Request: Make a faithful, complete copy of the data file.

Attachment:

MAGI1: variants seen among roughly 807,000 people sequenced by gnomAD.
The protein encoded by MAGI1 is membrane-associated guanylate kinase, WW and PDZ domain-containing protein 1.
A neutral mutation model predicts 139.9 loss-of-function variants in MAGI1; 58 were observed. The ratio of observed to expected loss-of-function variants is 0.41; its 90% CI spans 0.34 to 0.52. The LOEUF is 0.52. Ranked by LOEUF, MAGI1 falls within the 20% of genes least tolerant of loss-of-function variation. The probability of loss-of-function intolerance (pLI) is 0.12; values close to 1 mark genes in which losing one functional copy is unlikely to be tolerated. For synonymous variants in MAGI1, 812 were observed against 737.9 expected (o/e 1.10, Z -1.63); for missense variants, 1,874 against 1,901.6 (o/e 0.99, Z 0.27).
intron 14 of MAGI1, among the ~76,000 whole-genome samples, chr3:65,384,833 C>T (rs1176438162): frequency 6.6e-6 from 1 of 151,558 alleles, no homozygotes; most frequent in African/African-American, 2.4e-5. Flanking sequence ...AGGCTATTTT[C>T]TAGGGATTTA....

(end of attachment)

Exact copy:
MAGI1: variants seen among roughly 807,000 people sequenced by gnomAD.
The protein encoded by MAGI1 is membrane-associated guanylate kinase, WW and PDZ domain-containing protein 1.
A neutral mutation model predicts 139.9 loss-of-function variants in MAGI1; 58 were observed. The ratio of observed to expected loss-of-function variants is 0.41; its 90% CI spans 0.34 to 0.52. The LOEUF is 0.52. Ranked by LOEUF, MAGI1 falls within the 20% of genes least tolerant of loss-of-function variation. The probability of loss-of-function intolerance (pLI) is 0.12; values close to 1 mark genes in which losing one functional copy is unlikely to be tolerated. For synonymous variants in MAGI1, 812 were observed against 737.9 expected (o/e 1.10, Z -1.63); for missense variants, 1,874 against 1,901.6 (o/e 0.99, Z 0.27).
intron 14 of MAGI1, among the ~76,000 whole-genome samples, chr3:65,384,833 C>T (rs1176438162): frequency 6.6e-6 from 1 of 151,558 alleles, no homozygotes; most frequent in African/African-American, 2.4e-5. Flanking sequence ...AGGCTATTTT[C>T]TAGGGATTTA....